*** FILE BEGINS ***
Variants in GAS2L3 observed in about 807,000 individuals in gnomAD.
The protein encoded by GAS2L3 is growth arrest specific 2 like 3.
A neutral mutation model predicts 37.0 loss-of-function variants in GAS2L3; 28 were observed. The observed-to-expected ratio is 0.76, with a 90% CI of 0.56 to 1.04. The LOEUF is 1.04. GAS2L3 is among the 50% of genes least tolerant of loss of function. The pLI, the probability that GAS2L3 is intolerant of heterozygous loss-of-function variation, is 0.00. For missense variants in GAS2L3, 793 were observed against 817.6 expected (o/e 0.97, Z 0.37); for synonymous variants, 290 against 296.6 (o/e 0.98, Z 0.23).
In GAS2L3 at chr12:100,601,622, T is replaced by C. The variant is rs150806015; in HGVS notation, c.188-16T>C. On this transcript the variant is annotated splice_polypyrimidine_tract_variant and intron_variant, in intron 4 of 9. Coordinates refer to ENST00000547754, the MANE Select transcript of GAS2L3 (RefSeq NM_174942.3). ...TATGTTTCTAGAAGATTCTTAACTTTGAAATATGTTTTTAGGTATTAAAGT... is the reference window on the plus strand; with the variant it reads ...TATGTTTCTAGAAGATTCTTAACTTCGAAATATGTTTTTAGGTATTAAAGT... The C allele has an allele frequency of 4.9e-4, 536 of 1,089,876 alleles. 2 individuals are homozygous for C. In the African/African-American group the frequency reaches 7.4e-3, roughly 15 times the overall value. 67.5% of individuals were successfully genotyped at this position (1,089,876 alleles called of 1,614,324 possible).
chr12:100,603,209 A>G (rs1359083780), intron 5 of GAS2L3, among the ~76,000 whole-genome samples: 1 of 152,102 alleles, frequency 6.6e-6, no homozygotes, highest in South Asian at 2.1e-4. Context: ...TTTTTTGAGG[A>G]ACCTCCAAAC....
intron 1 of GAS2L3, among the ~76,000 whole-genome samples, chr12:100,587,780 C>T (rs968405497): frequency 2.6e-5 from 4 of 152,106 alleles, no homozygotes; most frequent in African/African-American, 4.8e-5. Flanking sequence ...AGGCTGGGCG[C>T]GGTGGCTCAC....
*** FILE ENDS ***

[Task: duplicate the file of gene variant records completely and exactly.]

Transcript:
Variants in GAS2L3 observed in about 807,000 individuals in gnomAD.
The protein encoded by GAS2L3 is growth arrest specific 2 like 3.
A neutral mutation model predicts 37.0 loss-of-function variants in GAS2L3; 28 were observed. The observed-to-expected ratio is 0.76, with a 90% CI of 0.56 to 1.04. The LOEUF is 1.04. GAS2L3 is among the 50% of genes least tolerant of loss of function. The pLI, the probability that GAS2L3 is intolerant of heterozygous loss-of-function variation, is 0.00. For missense variants in GAS2L3, 793 were observed against 817.6 expected (o/e 0.97, Z 0.37); for synonymous variants, 290 against 296.6 (o/e 0.98, Z 0.23).
In GAS2L3 at chr12:100,601,622, T is replaced by C. The variant is rs150806015; in HGVS notation, c.188-16T>C. On this transcript the variant is annotated splice_polypyrimidine_tract_variant and intron_variant, in intron 4 of 9. Coordinates refer to ENST00000547754, the MANE Select transcript of GAS2L3 (RefSeq NM_174942.3). ...TATGTTTCTAGAAGATTCTTAACTTTGAAATATGTTTTTAGGTATTAAAGT... is the reference window on the plus strand; with the variant it reads ...TATGTTTCTAGAAGATTCTTAACTTCGAAATATGTTTTTAGGTATTAAAGT... The C allele has an allele frequency of 4.9e-4, 536 of 1,089,876 alleles. 2 individuals are homozygous for C. In the African/African-American group the frequency reaches 7.4e-3, roughly 15 times the overall value. 67.5% of individuals were successfully genotyped at this position (1,089,876 alleles called of 1,614,324 possible).
chr12:100,603,209 A>G (rs1359083780), intron 5 of GAS2L3, among the ~76,000 whole-genome samples: 1 of 152,102 alleles, frequency 6.6e-6, no homozygotes, highest in South Asian at 2.1e-4. Context: ...TTTTTTGAGG[A>G]ACCTCCAAAC....
intron 1 of GAS2L3, among the ~76,000 whole-genome samples, chr12:100,587,780 C>T (rs968405497): frequency 2.6e-5 from 4 of 152,106 alleles, no homozygotes; most frequent in African/African-American, 4.8e-5. Flanking sequence ...AGGCTGGGCG[C>T]GGTGGCTCAC....